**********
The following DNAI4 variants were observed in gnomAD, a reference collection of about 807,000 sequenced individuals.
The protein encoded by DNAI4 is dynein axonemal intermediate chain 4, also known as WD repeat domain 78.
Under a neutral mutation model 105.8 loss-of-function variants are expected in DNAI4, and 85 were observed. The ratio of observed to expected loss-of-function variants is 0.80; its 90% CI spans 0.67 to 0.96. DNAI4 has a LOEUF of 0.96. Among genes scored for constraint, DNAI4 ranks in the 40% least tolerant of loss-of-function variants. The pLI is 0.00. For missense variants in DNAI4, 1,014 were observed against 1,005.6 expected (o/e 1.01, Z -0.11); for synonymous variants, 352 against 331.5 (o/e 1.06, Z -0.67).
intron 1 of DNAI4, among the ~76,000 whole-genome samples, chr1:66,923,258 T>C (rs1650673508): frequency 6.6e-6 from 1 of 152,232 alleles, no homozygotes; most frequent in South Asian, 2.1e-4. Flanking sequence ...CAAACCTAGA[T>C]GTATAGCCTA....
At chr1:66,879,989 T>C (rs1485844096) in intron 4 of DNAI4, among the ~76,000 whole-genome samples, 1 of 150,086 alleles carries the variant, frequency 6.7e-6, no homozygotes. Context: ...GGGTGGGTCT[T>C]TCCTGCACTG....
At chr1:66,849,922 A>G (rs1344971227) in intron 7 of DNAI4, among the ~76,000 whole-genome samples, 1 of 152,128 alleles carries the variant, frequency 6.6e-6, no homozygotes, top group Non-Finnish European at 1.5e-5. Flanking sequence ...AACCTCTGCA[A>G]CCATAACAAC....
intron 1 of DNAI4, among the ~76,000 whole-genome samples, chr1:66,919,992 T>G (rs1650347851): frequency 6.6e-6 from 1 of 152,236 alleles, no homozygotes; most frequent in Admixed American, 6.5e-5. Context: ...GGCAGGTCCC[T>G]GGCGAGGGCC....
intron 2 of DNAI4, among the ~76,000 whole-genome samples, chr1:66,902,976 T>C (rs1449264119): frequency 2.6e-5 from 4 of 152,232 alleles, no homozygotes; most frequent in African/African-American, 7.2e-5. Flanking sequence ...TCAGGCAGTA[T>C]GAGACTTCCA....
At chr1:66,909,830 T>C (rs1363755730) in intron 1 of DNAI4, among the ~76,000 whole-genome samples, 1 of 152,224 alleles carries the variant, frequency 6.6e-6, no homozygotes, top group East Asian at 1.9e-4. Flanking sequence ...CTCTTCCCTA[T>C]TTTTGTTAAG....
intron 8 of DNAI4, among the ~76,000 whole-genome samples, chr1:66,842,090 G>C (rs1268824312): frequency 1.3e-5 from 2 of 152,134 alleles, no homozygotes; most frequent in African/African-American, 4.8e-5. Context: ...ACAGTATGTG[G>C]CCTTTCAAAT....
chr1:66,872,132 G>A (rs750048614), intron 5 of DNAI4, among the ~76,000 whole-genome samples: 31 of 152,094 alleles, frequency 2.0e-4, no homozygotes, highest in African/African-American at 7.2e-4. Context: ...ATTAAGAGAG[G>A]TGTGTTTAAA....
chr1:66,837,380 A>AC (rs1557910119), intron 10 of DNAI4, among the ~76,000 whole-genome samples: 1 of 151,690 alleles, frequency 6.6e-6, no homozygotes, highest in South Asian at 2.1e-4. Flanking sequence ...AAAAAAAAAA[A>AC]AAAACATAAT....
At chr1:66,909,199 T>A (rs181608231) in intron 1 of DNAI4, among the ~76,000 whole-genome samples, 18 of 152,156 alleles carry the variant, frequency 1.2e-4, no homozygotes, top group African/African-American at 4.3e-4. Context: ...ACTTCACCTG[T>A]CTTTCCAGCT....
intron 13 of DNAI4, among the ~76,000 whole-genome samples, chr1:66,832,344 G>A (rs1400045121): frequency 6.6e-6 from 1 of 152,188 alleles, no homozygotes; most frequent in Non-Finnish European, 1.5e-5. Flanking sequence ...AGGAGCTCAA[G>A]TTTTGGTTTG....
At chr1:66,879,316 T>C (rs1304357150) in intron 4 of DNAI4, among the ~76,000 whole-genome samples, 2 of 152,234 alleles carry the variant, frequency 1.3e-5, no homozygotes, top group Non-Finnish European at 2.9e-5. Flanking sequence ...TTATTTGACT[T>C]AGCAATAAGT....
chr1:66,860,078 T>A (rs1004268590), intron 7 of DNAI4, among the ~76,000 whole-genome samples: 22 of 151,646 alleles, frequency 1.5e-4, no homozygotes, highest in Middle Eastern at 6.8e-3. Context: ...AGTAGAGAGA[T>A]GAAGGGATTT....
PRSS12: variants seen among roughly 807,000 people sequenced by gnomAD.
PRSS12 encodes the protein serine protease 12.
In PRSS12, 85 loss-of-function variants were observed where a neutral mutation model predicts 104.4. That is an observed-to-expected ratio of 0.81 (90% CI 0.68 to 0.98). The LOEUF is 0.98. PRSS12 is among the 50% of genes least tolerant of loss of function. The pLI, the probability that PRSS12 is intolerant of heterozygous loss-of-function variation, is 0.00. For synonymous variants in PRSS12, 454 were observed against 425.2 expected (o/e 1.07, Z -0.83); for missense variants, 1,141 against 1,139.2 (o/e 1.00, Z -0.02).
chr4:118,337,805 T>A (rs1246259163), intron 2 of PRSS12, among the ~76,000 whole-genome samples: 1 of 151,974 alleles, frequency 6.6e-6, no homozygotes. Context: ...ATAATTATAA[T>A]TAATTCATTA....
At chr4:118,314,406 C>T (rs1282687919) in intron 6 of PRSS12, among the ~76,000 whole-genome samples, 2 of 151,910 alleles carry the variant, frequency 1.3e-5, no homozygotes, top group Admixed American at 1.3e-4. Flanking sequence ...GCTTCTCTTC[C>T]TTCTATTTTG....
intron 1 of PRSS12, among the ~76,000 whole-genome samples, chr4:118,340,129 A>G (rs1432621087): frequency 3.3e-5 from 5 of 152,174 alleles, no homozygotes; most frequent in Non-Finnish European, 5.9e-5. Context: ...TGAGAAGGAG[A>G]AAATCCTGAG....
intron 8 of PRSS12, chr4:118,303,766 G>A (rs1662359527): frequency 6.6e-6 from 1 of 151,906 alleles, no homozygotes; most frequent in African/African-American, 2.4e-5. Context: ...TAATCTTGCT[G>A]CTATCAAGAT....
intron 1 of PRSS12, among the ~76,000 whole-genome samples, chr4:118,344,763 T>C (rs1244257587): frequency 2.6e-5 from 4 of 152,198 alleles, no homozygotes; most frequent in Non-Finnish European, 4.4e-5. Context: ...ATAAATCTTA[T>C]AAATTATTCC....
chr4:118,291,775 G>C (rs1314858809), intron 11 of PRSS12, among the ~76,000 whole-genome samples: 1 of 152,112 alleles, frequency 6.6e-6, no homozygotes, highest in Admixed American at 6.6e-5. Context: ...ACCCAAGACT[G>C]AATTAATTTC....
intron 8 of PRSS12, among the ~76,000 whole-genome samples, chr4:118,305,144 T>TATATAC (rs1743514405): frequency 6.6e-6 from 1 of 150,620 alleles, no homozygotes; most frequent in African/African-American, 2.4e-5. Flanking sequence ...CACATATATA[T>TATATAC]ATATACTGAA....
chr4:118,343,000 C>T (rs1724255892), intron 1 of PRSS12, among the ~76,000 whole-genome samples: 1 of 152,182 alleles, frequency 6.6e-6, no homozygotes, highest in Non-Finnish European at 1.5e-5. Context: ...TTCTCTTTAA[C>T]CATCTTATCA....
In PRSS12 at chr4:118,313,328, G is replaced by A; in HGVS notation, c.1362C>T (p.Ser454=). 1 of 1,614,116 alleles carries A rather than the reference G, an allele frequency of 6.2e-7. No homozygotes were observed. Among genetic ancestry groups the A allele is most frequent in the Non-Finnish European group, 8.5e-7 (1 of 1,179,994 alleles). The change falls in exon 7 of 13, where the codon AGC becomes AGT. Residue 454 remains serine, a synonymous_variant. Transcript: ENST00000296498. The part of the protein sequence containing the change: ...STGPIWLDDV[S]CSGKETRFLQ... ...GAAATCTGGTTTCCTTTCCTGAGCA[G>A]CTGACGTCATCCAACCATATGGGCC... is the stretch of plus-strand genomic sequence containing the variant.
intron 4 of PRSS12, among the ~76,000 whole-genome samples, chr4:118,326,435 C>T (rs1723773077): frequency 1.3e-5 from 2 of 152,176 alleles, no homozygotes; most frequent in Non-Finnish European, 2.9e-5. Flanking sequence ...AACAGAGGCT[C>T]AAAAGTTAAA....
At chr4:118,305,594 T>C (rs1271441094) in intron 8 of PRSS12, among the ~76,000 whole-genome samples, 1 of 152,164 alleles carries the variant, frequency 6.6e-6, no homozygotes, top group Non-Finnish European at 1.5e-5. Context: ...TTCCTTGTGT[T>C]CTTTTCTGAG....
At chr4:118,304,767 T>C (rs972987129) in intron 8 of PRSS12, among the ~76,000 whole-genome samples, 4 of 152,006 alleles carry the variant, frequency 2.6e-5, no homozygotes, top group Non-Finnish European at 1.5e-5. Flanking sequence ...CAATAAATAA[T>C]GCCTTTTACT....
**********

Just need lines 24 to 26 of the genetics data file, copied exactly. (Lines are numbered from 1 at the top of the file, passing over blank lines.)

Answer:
intron 1 of PRSS12, among the ~76,000 whole-genome samples, chr4:118,344,763 T>C (rs1244257587): frequency 2.6e-5 from 4 of 152,198 alleles, no homozygotes; most frequent in Non-Finnish European, 4.4e-5. Context: ...ATAAATCTTA[T>C]AAATTATTCC....
chr4:118,291,775 G>C (rs1314858809), intron 11 of PRSS12, among the ~76,000 whole-genome samples: 1 of 152,112 alleles, frequency 6.6e-6, no homozygotes, highest in Admixed American at 6.6e-5. Context: ...ACCCAAGACT[G>C]AATTAATTTC....
intron 8 of PRSS12, among the ~76,000 whole-genome samples, chr4:118,305,144 T>TATATAC (rs1743514405): frequency 6.6e-6 from 1 of 150,620 alleles, no homozygotes; most frequent in African/African-American, 2.4e-5. Flanking sequence ...CACATATATA[T>TATATAC]ATATACTGAA....